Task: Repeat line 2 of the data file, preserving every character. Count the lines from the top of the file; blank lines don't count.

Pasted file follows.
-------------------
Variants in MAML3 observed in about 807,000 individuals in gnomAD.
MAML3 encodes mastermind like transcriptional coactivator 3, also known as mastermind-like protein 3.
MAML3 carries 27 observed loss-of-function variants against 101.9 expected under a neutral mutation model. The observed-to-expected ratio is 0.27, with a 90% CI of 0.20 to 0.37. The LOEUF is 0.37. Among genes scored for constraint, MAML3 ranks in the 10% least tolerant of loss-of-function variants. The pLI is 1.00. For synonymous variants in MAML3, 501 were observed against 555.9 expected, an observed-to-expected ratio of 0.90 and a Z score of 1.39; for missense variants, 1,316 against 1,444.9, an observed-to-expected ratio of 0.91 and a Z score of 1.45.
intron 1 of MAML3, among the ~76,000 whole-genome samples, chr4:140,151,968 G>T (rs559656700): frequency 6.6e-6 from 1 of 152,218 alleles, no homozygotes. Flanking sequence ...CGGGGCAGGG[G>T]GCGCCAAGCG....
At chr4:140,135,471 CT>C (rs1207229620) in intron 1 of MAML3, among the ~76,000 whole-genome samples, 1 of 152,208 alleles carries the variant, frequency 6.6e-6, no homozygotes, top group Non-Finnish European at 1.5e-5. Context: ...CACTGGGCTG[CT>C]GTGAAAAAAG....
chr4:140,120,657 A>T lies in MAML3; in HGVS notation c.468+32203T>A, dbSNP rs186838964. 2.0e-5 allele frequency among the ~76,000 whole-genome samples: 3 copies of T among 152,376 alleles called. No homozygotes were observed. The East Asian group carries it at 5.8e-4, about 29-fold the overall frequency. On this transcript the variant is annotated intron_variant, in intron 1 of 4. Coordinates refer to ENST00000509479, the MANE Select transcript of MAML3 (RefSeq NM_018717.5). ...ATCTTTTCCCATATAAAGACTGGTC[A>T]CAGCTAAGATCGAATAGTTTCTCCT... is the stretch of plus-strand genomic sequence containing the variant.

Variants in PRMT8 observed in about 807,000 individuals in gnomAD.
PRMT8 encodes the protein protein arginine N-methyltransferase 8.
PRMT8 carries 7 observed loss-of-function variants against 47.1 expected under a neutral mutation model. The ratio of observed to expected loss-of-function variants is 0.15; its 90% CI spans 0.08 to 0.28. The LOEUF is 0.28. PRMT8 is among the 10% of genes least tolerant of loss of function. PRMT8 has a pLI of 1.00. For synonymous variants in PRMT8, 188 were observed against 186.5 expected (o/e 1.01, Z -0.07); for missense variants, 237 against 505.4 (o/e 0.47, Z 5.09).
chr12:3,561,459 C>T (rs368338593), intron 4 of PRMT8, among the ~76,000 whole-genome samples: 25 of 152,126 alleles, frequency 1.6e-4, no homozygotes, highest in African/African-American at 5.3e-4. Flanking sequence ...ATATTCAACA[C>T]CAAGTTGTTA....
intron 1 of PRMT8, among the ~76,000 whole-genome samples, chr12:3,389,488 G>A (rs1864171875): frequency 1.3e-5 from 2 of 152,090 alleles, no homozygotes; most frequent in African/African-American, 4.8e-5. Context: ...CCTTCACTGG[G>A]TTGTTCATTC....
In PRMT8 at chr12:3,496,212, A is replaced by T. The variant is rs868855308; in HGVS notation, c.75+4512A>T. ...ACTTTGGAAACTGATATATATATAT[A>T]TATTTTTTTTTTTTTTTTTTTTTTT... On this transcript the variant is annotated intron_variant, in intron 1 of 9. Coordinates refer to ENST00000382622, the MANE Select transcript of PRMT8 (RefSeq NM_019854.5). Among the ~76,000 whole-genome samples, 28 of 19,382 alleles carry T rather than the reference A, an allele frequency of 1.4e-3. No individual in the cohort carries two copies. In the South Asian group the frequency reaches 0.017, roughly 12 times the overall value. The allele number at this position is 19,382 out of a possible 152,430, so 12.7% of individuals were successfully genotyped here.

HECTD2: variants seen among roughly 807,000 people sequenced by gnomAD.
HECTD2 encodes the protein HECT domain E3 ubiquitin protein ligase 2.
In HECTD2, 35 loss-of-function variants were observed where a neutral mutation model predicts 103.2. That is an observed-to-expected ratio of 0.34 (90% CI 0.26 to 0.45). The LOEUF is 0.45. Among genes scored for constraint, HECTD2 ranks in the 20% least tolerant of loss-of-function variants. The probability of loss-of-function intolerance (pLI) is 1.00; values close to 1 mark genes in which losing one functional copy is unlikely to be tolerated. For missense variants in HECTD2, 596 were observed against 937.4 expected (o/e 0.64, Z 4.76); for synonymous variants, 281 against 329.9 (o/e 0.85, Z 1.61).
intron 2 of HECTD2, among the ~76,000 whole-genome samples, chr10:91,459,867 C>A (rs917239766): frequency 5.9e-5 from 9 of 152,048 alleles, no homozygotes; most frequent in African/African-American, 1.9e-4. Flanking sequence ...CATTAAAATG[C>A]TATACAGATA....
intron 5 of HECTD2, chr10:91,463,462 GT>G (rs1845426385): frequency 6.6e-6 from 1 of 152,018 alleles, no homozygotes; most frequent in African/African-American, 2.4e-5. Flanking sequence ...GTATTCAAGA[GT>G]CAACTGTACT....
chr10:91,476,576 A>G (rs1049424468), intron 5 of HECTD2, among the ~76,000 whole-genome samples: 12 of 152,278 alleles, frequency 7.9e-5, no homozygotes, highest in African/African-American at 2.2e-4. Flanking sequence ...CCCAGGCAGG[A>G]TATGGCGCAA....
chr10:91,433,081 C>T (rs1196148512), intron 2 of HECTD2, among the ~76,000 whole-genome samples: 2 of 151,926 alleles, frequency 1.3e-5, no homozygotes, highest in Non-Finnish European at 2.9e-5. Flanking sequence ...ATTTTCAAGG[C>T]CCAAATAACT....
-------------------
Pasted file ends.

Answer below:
MAML3 encodes mastermind like transcriptional coactivator 3, also known as mastermind-like protein 3.